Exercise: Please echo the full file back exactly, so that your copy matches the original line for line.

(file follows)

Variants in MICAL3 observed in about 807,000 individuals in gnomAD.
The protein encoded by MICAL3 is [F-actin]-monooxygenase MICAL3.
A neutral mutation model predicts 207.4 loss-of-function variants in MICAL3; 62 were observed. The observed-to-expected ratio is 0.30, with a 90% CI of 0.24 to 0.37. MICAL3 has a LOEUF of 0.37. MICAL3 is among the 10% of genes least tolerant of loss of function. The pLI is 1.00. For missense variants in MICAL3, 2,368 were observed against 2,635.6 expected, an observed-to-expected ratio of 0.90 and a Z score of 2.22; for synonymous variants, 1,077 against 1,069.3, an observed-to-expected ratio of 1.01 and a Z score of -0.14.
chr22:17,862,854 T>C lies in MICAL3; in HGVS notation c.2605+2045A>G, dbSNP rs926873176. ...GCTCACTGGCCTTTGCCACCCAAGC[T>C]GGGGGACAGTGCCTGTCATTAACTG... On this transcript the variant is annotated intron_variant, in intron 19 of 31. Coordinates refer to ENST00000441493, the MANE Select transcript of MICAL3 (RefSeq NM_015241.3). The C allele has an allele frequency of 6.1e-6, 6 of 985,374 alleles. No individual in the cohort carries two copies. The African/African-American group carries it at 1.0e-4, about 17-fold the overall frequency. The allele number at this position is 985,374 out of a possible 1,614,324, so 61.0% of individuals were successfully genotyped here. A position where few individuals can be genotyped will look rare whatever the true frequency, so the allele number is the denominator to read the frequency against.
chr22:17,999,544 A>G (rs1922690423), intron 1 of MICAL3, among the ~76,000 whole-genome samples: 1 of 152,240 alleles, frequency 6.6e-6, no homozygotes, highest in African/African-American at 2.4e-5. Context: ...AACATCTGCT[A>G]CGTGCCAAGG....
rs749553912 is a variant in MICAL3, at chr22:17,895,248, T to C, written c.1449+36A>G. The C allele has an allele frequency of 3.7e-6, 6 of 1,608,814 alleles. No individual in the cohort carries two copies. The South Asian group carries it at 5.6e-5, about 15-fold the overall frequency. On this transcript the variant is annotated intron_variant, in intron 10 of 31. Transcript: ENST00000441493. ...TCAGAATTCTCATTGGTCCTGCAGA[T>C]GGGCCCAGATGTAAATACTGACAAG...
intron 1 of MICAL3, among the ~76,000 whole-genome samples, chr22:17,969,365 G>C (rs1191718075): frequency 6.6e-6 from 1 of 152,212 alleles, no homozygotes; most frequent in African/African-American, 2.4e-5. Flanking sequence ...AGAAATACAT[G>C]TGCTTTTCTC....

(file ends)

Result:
Variants in MICAL3 observed in about 807,000 individuals in gnomAD.
The protein encoded by MICAL3 is [F-actin]-monooxygenase MICAL3.
A neutral mutation model predicts 207.4 loss-of-function variants in MICAL3; 62 were observed. The observed-to-expected ratio is 0.30, with a 90% CI of 0.24 to 0.37. MICAL3 has a LOEUF of 0.37. MICAL3 is among the 10% of genes least tolerant of loss of function. The pLI is 1.00. For missense variants in MICAL3, 2,368 were observed against 2,635.6 expected, an observed-to-expected ratio of 0.90 and a Z score of 2.22; for synonymous variants, 1,077 against 1,069.3, an observed-to-expected ratio of 1.01 and a Z score of -0.14.
chr22:17,862,854 T>C lies in MICAL3; in HGVS notation c.2605+2045A>G, dbSNP rs926873176. ...GCTCACTGGCCTTTGCCACCCAAGC[T>C]GGGGGACAGTGCCTGTCATTAACTG... On this transcript the variant is annotated intron_variant, in intron 19 of 31. Coordinates refer to ENST00000441493, the MANE Select transcript of MICAL3 (RefSeq NM_015241.3). The C allele has an allele frequency of 6.1e-6, 6 of 985,374 alleles. No individual in the cohort carries two copies. The African/African-American group carries it at 1.0e-4, about 17-fold the overall frequency. The allele number at this position is 985,374 out of a possible 1,614,324, so 61.0% of individuals were successfully genotyped here. A position where few individuals can be genotyped will look rare whatever the true frequency, so the allele number is the denominator to read the frequency against.
chr22:17,999,544 A>G (rs1922690423), intron 1 of MICAL3, among the ~76,000 whole-genome samples: 1 of 152,240 alleles, frequency 6.6e-6, no homozygotes, highest in African/African-American at 2.4e-5. Context: ...AACATCTGCT[A>G]CGTGCCAAGG....
rs749553912 is a variant in MICAL3, at chr22:17,895,248, T to C, written c.1449+36A>G. The C allele has an allele frequency of 3.7e-6, 6 of 1,608,814 alleles. No individual in the cohort carries two copies. The South Asian group carries it at 5.6e-5, about 15-fold the overall frequency. On this transcript the variant is annotated intron_variant, in intron 10 of 31. Transcript: ENST00000441493. ...TCAGAATTCTCATTGGTCCTGCAGA[T>C]GGGCCCAGATGTAAATACTGACAAG...
intron 1 of MICAL3, among the ~76,000 whole-genome samples, chr22:17,969,365 G>C (rs1191718075): frequency 6.6e-6 from 1 of 152,212 alleles, no homozygotes; most frequent in African/African-American, 2.4e-5. Flanking sequence ...AGAAATACAT[G>C]TGCTTTTCTC....